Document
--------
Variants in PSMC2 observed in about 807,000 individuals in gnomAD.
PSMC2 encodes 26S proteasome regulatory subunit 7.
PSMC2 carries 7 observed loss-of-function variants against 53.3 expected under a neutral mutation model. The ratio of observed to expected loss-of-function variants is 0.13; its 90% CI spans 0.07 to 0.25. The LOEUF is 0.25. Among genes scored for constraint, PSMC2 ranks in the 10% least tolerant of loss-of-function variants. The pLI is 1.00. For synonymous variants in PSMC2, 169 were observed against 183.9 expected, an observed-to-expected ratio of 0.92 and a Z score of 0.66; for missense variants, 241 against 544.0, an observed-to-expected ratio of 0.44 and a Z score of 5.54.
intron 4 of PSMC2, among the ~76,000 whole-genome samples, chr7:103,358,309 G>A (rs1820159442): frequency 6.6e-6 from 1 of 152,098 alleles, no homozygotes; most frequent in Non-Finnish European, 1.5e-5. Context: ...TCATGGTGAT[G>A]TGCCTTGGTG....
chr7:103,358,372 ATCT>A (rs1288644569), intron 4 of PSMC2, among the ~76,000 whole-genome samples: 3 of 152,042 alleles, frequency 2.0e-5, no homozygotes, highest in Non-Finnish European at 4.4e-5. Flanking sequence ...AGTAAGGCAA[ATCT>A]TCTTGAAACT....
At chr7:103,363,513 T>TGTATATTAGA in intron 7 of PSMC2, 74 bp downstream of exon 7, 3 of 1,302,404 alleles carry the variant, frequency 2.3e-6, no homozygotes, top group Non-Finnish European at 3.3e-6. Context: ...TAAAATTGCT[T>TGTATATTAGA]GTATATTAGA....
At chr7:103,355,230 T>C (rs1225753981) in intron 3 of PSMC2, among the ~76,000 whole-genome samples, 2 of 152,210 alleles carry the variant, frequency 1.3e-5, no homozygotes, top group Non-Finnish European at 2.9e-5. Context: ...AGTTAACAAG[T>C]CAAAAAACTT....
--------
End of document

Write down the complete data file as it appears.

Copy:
Variants in PSMC2 observed in about 807,000 individuals in gnomAD.
PSMC2 encodes 26S proteasome regulatory subunit 7.
PSMC2 carries 7 observed loss-of-function variants against 53.3 expected under a neutral mutation model. The ratio of observed to expected loss-of-function variants is 0.13; its 90% CI spans 0.07 to 0.25. The LOEUF is 0.25. Among genes scored for constraint, PSMC2 ranks in the 10% least tolerant of loss-of-function variants. The pLI is 1.00. For synonymous variants in PSMC2, 169 were observed against 183.9 expected, an observed-to-expected ratio of 0.92 and a Z score of 0.66; for missense variants, 241 against 544.0, an observed-to-expected ratio of 0.44 and a Z score of 5.54.
intron 4 of PSMC2, among the ~76,000 whole-genome samples, chr7:103,358,309 G>A (rs1820159442): frequency 6.6e-6 from 1 of 152,098 alleles, no homozygotes; most frequent in Non-Finnish European, 1.5e-5. Context: ...TCATGGTGAT[G>A]TGCCTTGGTG....
chr7:103,358,372 ATCT>A (rs1288644569), intron 4 of PSMC2, among the ~76,000 whole-genome samples: 3 of 152,042 alleles, frequency 2.0e-5, no homozygotes, highest in Non-Finnish European at 4.4e-5. Flanking sequence ...AGTAAGGCAA[ATCT>A]TCTTGAAACT....
At chr7:103,363,513 T>TGTATATTAGA in intron 7 of PSMC2, 74 bp downstream of exon 7, 3 of 1,302,404 alleles carry the variant, frequency 2.3e-6, no homozygotes, top group Non-Finnish European at 3.3e-6. Context: ...TAAAATTGCT[T>TGTATATTAGA]GTATATTAGA....
At chr7:103,355,230 T>C (rs1225753981) in intron 3 of PSMC2, among the ~76,000 whole-genome samples, 2 of 152,210 alleles carry the variant, frequency 1.3e-5, no homozygotes, top group Non-Finnish European at 2.9e-5. Context: ...AGTTAACAAG[T>C]CAAAAAACTT....